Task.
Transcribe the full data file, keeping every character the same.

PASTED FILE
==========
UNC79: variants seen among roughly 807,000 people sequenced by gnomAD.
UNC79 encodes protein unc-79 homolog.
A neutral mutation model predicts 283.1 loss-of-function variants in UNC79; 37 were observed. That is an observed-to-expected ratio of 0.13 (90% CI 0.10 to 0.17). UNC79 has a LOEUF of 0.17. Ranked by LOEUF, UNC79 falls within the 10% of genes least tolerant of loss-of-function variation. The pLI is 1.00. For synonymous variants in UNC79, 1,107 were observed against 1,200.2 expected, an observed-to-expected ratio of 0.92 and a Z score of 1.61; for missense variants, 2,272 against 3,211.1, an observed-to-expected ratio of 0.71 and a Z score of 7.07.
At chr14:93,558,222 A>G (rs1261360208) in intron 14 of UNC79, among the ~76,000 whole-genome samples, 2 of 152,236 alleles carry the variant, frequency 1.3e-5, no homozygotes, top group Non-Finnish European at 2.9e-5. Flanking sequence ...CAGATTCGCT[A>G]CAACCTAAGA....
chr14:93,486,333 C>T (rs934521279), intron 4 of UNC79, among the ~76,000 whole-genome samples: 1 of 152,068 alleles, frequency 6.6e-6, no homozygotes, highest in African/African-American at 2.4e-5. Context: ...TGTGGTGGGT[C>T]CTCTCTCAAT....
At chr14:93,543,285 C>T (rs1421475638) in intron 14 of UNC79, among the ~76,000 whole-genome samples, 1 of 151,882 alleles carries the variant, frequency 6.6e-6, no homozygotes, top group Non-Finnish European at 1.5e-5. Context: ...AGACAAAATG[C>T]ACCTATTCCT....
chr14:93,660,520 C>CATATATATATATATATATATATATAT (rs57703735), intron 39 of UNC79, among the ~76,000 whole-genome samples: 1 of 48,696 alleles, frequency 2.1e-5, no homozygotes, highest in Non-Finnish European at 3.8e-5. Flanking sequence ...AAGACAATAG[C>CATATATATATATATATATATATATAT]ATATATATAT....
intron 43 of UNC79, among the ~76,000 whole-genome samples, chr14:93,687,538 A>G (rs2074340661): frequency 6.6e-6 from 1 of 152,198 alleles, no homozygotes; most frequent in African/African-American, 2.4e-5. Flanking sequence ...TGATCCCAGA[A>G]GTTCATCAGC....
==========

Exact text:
UNC79: variants seen among roughly 807,000 people sequenced by gnomAD.
UNC79 encodes protein unc-79 homolog.
A neutral mutation model predicts 283.1 loss-of-function variants in UNC79; 37 were observed. That is an observed-to-expected ratio of 0.13 (90% CI 0.10 to 0.17). UNC79 has a LOEUF of 0.17. Ranked by LOEUF, UNC79 falls within the 10% of genes least tolerant of loss-of-function variation. The pLI is 1.00. For synonymous variants in UNC79, 1,107 were observed against 1,200.2 expected, an observed-to-expected ratio of 0.92 and a Z score of 1.61; for missense variants, 2,272 against 3,211.1, an observed-to-expected ratio of 0.71 and a Z score of 7.07.
At chr14:93,558,222 A>G (rs1261360208) in intron 14 of UNC79, among the ~76,000 whole-genome samples, 2 of 152,236 alleles carry the variant, frequency 1.3e-5, no homozygotes, top group Non-Finnish European at 2.9e-5. Flanking sequence ...CAGATTCGCT[A>G]CAACCTAAGA....
chr14:93,486,333 C>T (rs934521279), intron 4 of UNC79, among the ~76,000 whole-genome samples: 1 of 152,068 alleles, frequency 6.6e-6, no homozygotes, highest in African/African-American at 2.4e-5. Context: ...TGTGGTGGGT[C>T]CTCTCTCAAT....
At chr14:93,543,285 C>T (rs1421475638) in intron 14 of UNC79, among the ~76,000 whole-genome samples, 1 of 151,882 alleles carries the variant, frequency 6.6e-6, no homozygotes, top group Non-Finnish European at 1.5e-5. Context: ...AGACAAAATG[C>T]ACCTATTCCT....
chr14:93,660,520 C>CATATATATATATATATATATATATAT (rs57703735), intron 39 of UNC79, among the ~76,000 whole-genome samples: 1 of 48,696 alleles, frequency 2.1e-5, no homozygotes, highest in Non-Finnish European at 3.8e-5. Flanking sequence ...AAGACAATAG[C>CATATATATATATATATATATATATAT]ATATATATAT....
intron 43 of UNC79, among the ~76,000 whole-genome samples, chr14:93,687,538 A>G (rs2074340661): frequency 6.6e-6 from 1 of 152,198 alleles, no homozygotes; most frequent in African/African-American, 2.4e-5. Flanking sequence ...TGATCCCAGA[A>G]GTTCATCAGC....